…or Miles Vorkosigan, Lessa of Pern, Frodo Baggins, Honor Harrington, Paul Muad’Dib or Podkayne of Mars?
The cop-out answer would be that we “just do for our various reasons”. But as a writer, I need to go deeper than that. To this end, I’ve read a half-dozen books on how to create characters. Nancy Kress’ book, DYNAMIC CHARACTERS is on my shelf downstairs; as are Orson Scott Card’s HOW TO WRITE SCIENCE FICTION AND FANTASY and CHARACTER AND VIEWPOINT; THE CRAFT OF WRITING SCIENCE FICTION THAT SELLS by Ben Bova; WRITING FOR CHILDREN AND TEENAGERS by Lee Wyndam; and my most recent purchase, BREATHING LIFE INTO YOUR CHARACTERS by Rachel Ballon.
All of them have given me at least ONE thing I can do to create realistic characters. Some have given more. That new one – in which the practicing clinical psychologist/writing coach posits that where a psychotherapist can through intense questioning and listening, tease apart the soul and mind of a client and then suggest healing strategies they might try; a writer can reverse the process and create realistic, living characters -- hasn't done much for me.
I haven’t found it particularly helpful up to this point (about half-way through when I stopped…) While I am sure that its claims to success are valid, I noticed that while the author has coached dozens of people to success, she’s never written a best-seller herself. I’m sure this is great for some writers – I am probably not one of them.
I’m still left with the question of why we like Harry, Miles, Lessa, Frodo, Honor, Paul and Podkayne. Is it that the authors (JK, Lois, Anne, JRR, David, Frank and Robert) worked out extensive character sketches of each of our favorites? Truth be told, I haven’t found evidence for that in my reading. None of them talk about reverse psychoanalyzing the characters from scratch. At least one of them tells the story that her character simply appeared in her head after which she outlined his entire educational experience. Then she wrote it.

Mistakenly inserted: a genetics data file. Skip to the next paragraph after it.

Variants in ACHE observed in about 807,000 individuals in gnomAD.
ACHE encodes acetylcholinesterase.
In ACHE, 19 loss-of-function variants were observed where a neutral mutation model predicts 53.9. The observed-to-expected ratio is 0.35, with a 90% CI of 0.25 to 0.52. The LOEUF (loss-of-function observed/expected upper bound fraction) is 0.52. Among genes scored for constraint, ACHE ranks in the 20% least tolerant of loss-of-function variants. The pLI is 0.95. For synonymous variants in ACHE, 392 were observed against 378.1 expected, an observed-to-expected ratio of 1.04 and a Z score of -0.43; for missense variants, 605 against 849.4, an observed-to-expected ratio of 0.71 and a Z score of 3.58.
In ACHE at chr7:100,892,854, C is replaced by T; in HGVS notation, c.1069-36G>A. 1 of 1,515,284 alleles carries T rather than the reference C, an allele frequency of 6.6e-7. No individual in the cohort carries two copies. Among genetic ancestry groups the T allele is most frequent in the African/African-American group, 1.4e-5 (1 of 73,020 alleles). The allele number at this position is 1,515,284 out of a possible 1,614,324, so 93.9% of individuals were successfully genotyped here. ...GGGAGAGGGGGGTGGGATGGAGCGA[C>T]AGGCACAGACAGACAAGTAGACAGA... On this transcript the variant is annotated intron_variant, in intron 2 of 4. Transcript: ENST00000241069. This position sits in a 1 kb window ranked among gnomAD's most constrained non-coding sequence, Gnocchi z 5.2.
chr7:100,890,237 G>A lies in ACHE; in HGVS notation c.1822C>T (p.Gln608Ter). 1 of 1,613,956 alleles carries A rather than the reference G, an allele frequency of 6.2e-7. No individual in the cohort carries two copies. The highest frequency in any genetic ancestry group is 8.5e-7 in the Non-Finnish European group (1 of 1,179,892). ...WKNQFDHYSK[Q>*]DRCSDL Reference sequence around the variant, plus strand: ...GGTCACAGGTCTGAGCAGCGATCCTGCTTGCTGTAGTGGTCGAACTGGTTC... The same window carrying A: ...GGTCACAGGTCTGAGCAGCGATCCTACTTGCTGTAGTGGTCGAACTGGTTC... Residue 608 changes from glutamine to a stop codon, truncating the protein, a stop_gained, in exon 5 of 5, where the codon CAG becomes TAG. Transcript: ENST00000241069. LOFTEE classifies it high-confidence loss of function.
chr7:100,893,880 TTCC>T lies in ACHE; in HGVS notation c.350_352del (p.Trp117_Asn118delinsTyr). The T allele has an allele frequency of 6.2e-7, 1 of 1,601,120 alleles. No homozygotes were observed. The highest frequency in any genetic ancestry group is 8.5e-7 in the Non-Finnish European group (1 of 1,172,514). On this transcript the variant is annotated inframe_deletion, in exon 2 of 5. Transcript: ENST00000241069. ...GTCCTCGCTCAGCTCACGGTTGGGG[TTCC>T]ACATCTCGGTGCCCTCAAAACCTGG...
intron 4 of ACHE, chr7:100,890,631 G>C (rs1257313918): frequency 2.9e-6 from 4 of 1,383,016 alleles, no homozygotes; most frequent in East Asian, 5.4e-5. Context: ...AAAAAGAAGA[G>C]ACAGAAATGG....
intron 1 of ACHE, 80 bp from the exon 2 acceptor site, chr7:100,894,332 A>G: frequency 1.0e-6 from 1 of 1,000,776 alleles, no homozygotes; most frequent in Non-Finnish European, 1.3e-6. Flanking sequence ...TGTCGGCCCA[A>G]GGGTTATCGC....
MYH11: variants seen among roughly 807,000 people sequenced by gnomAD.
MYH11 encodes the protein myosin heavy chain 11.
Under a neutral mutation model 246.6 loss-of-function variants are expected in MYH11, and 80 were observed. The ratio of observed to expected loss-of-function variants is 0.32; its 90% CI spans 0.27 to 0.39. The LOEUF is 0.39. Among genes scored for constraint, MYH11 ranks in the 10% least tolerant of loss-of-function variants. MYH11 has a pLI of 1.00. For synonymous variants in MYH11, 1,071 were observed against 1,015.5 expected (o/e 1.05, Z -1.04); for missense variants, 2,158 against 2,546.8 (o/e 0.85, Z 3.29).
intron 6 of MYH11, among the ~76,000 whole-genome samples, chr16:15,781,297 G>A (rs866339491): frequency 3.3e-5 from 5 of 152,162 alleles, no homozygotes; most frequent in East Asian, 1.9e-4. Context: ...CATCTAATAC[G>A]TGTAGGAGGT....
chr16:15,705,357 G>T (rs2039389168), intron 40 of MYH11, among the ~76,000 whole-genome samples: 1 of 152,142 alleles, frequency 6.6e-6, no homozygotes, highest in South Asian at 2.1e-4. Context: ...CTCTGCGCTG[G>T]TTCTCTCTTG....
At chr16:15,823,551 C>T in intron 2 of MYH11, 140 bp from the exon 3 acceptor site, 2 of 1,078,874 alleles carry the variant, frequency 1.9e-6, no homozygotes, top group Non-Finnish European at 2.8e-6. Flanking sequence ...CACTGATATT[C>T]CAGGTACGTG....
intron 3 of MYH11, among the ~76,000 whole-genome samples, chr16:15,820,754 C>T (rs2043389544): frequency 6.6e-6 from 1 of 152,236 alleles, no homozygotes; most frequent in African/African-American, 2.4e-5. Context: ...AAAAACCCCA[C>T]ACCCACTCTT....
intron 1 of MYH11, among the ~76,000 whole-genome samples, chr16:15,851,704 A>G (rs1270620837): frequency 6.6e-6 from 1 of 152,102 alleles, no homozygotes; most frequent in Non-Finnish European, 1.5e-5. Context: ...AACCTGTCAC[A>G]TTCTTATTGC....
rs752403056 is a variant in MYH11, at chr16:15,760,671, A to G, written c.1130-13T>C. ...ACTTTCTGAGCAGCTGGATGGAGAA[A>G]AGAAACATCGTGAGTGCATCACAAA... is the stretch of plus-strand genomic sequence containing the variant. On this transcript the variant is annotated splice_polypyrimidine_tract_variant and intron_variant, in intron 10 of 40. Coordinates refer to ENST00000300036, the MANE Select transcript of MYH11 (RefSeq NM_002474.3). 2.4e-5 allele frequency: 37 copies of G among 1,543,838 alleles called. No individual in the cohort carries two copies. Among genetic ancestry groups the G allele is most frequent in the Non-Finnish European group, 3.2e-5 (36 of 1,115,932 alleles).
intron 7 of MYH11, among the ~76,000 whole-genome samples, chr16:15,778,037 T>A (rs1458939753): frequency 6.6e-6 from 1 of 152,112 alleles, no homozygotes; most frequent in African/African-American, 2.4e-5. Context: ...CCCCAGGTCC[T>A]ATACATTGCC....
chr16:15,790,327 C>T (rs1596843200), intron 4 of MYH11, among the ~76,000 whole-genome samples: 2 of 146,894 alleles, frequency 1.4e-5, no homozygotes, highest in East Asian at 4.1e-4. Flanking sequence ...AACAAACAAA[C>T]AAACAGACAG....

I fiddled with this for a long time before I finally started to tease free some sort of answer. It might be best illustrated by something I wrote in the cover of one of the books ten years ago: “I read and reread these books. What compelled me? Why does Miles – an imaginary character so draw me now? Because Miles is unsure of himself – even when he succeeds, he wonders, deep down inside, if it was an accident; fate moving him; God’s hand – anything but his own actions, instincts and training. ANYTHING but his own competence. Mistakes he takes perfectly in stride because he EXPECTS to make horrible blunders and expects to learn from them. He owns them. But when he succeeds, then it has to be SOMETHING else – luck, fate, whatever – but NOT HIM. That’s how I feel…”
Six words – “incompetent, accidentally successful” and “how I feel” – encompass what it means to create character. What, was Paul Muad’Dib incompetent? Yes, in many contexts he was. Lessa of Pern, heroine of an age, accidentally successful? Yes, several times over. Frodo incompetent? HOW was the Ring of Power finally destroyed?
Characters who deeply doubt their competence are people I can connect with very easily because I feel that way often.
What of people who do not doubt their competence? Perhaps they are NOT readers because they don't NEED to be…